There's a new visa bill before Congress, and some news organizations are already comparing it to the EB-5 program.
Senators Charles Schumer (D-NY) and Mike Lee (R-UT) have introduced legislation that would institute a new visa category targeting high net worth foreign nationals. No, it's not the startup visa everyone's been talking about. In fact, the individuals it would attract probably have more in common with current EB-5 investors than with potential immigrant entrepreneurs.
The new bill would provide a tourist visa to any foreign national willing to buy a house for $500,000 in cash. In an environment where homeowners trying to sell can't find buyers and scores of empty homes dot the landscape, lawmakers are hoping the bill will be a panacea for the depressed housing market.
And since buyers would be purchasing the homes without a mortgage, there would be no possibility of foreclosure.
If the bill becomes law, a foreign national who doesn't want a $500,000 home may also opt to purchase a $250,000 home to serve as a primary residence and then buy additional properties to meet the $500,000 requirement. Canadian senior citizens would also be granted longer visa stays.
Warren Buffet likes the idea. He sees it as a way to solve the excess housing inventory problem "very quickly." Of course, legislators would actually have to get around to passing the bill first.
Any effect on EB-5 visas?
The visa "program" this bill proposes is fundamentally different from the EB-5 visa program in a number of ways.
For one thing, it only grants tourist visas ? not permanent residency. Recipients would only get to stay in the U.S. for 180 days out of the year.
While they could apply for work visas after arriving, Senator Schumer says the country shouldn't pursue a solution that might give immigrants jobs that "otherwise would go to Americans." Nobody on the tourist visa would be eligible for government aid programs either.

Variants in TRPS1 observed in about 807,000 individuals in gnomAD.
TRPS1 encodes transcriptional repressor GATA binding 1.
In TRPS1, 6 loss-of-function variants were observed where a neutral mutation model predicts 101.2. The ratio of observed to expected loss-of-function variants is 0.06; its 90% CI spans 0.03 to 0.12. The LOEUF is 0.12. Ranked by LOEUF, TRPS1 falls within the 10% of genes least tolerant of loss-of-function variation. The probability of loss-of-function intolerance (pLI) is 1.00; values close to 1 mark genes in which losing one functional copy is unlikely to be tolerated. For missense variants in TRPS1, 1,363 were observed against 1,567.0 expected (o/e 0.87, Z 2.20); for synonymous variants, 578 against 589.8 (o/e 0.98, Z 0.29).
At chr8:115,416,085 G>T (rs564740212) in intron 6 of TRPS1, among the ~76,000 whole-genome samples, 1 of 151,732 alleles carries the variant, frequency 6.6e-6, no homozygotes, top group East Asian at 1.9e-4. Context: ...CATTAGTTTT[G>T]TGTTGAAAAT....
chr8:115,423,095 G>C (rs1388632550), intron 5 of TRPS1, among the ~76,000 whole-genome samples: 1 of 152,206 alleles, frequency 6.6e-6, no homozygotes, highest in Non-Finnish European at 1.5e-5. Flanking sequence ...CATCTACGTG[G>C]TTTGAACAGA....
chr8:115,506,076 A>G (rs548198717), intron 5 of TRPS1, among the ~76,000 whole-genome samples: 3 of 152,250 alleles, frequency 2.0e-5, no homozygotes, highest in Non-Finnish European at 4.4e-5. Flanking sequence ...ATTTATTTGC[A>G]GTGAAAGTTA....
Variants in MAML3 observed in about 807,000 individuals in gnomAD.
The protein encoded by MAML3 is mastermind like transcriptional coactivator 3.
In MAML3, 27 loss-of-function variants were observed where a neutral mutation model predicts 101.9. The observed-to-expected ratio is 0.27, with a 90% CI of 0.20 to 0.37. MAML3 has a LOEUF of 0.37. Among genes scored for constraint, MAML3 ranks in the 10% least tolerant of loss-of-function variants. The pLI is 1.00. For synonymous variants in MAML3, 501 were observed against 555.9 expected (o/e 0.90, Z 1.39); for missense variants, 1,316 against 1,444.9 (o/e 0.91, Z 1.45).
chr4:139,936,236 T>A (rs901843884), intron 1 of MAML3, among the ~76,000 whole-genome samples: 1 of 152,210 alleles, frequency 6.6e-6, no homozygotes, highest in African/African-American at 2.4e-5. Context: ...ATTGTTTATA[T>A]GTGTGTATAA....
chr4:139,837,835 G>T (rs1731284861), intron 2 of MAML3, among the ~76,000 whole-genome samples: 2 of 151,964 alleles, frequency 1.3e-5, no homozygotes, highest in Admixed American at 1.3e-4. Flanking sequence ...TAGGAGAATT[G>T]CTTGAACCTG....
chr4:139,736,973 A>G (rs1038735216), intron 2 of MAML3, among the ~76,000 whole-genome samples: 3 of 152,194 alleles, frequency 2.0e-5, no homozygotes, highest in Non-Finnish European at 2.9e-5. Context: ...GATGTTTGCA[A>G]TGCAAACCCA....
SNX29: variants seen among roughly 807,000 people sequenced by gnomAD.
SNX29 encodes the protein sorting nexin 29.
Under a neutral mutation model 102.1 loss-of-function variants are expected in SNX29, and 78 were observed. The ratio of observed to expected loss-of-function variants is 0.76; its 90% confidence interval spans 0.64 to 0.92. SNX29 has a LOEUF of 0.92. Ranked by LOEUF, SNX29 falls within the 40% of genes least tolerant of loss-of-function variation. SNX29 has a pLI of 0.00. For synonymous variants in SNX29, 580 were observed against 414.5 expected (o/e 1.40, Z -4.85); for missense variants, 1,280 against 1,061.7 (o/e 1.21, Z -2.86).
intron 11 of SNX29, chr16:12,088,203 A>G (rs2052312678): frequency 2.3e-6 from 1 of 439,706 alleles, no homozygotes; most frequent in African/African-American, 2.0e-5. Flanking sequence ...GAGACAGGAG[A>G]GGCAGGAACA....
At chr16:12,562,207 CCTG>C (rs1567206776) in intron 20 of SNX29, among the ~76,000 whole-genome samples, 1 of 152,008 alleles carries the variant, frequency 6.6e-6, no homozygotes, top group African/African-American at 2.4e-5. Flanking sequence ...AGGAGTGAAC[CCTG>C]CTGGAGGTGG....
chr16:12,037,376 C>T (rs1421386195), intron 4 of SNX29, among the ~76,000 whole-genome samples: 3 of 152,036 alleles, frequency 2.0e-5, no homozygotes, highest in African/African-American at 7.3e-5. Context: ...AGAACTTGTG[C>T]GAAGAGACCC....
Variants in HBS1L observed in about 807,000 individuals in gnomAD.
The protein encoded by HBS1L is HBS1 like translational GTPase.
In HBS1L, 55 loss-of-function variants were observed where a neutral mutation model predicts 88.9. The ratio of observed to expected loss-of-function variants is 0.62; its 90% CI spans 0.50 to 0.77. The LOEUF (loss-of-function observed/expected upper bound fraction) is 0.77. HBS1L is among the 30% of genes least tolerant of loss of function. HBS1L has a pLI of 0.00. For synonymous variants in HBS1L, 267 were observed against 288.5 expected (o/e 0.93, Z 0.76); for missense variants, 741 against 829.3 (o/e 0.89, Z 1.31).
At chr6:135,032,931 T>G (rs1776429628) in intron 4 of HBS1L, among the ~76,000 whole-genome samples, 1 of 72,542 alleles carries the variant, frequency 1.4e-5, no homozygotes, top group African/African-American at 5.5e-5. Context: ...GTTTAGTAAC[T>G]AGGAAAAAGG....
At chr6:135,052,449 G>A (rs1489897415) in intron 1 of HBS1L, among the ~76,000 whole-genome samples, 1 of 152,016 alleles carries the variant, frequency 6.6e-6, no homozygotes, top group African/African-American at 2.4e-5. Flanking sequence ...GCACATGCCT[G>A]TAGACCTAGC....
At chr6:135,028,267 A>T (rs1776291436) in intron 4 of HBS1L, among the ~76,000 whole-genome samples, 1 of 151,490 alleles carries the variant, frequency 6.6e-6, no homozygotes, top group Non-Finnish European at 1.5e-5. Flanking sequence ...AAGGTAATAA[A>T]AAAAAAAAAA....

But could potential EB-5 investors be attracted to this new visa program instead?
It's certainly possible. After all, it sounds like there would be fewer bureaucratic hurdles to clear. And they'd only be receiving tourist visas, which are fairly routine compared to the EB-5 investor visa.
On the other hand, EB-5 investors often want more than just an overseas vacation home. Most of them want residency so that their children can easily attend college in the U.S. or so they can stay here for as long as they please, coming and going at their leisure.
They may even want to become citizens one day.
A housing solution ? not a jobs solution
The proposed visa legislation is meant to help Americans sell houses. An influx of wealthy individuals would also provide an economic stimulus to areas where there is substantial excess housing.
It is not, however, a job-creation proposal. Foreign nationals who might benefit from the bill aren't exactly immigrants, per se, but rather long-term tourists. The legislation doesn't provide any incentive to invest in businesses that might create jobs for Americans.
In this sense, the pending bill is meant neither to help nor hinder the EB-5 program. It's just a possible pick-me-up for a depressed housing market.
If Congress actually passes the bill, its effect may come sooner rather than later. As Glenn Kelman, a spokesman for the online brokerage Redfin, told NPR last month, "When property values sag and this is a desirable place to live, one of the simplest solutions is just to let more people in so they can buy the homes."
A simple solution, indeed.
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